Amdahl's law


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Amdahl's law

[′am‚dälz ‚lȯ]
(computer science)
A law stating that the speed-up that can be achieved by distributing a computer program over p processors cannot exceed 1/{f + [1 -f)/ p ]}, where f is the fraction of the work of the program that must be done in serial mode.

Amdahl's Law

(parallel)
(Named after Gene Amdahl) If F is the fraction of a calculation that is sequential, and (1-F) is the fraction that can be parallelised, then the maximum speedup that can be achieved by using P processors is 1/(F+(1-F)/P).

[Gene Amdahl, "Validity of the Single Processor Approach to Achieving Large-Scale Computing Capabilities", AFIPS Conference Proceedings, (30), pp. 483-485, 1967].

Amdahl's law

"Overall system speed is governed by the slowest component," coined by Gene Amdahl, chief architect of IBM's first mainframe series and founder of Amdahl Corporation and other companies. Amdahl's law applied to networking. The slowest device in the network will determine the maximum speed of the network. See laws.
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However, traditional Amdahl's law only considers the cost of instruction execution.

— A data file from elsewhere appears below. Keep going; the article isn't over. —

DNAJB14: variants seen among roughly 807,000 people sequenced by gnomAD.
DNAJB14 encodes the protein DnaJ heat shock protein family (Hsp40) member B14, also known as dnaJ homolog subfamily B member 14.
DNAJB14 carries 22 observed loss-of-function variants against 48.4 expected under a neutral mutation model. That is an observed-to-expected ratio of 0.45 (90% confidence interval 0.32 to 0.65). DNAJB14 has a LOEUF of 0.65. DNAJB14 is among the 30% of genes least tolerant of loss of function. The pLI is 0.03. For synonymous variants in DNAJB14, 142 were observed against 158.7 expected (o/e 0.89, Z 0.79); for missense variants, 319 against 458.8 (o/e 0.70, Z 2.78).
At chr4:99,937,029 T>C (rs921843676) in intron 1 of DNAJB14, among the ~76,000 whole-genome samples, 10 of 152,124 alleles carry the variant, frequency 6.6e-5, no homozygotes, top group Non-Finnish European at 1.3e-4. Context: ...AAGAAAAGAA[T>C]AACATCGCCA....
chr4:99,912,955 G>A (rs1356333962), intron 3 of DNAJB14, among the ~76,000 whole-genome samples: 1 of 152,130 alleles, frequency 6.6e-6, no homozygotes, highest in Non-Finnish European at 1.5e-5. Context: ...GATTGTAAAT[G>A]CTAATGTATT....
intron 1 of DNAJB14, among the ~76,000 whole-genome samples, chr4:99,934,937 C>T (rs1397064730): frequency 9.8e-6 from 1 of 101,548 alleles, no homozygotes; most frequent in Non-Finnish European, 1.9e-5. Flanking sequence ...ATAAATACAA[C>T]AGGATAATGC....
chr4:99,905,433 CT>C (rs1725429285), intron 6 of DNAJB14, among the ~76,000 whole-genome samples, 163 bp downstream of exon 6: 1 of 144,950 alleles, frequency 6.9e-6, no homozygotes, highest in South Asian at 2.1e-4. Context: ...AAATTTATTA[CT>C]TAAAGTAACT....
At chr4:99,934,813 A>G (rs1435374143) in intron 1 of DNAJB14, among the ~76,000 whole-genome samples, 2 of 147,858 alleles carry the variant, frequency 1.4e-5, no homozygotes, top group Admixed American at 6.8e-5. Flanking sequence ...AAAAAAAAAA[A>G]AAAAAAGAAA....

Therefore, we can extend Amdahl's law to be a new equation called "Enhanced Amdahl's law".
In conclusion, communication overhead should be considered in the Extended Amdahl's Law.
7, we find that data synchronization and communication affect Amdahl's Law in the hetergeneous architecture.
2 Extending Amdahl's law in the multicore era [11], [12]
Amdahl's law assumes that the problem size is fixed and provides a fixed-size speed-up model.
5 Amdahl's law for predicting the future of multicores considered harmful [17]
Zhou's central thesis is that Amdahl's law is the pessimistic extreme, and Sandia's law is the optimistic extreme.
The fallacy of assuming linear speedup is the ultimate goal that underlies Amdahl's law and two decades of misguided papers written on parallel processor performance evaluation.
The results show our proposed load balancing technique can overcome the performance limitations of Amdahl's law.
Based on the estimated results, we confirmed that the proposed approach can provide better speedup than Amdahl's law computed with typical load balancing as the number of cores increased.
By distributing the first module asymmetrically and keeping the data dependency in the second module, we can provide better performance than Amdahl's law computed with typical load balancing.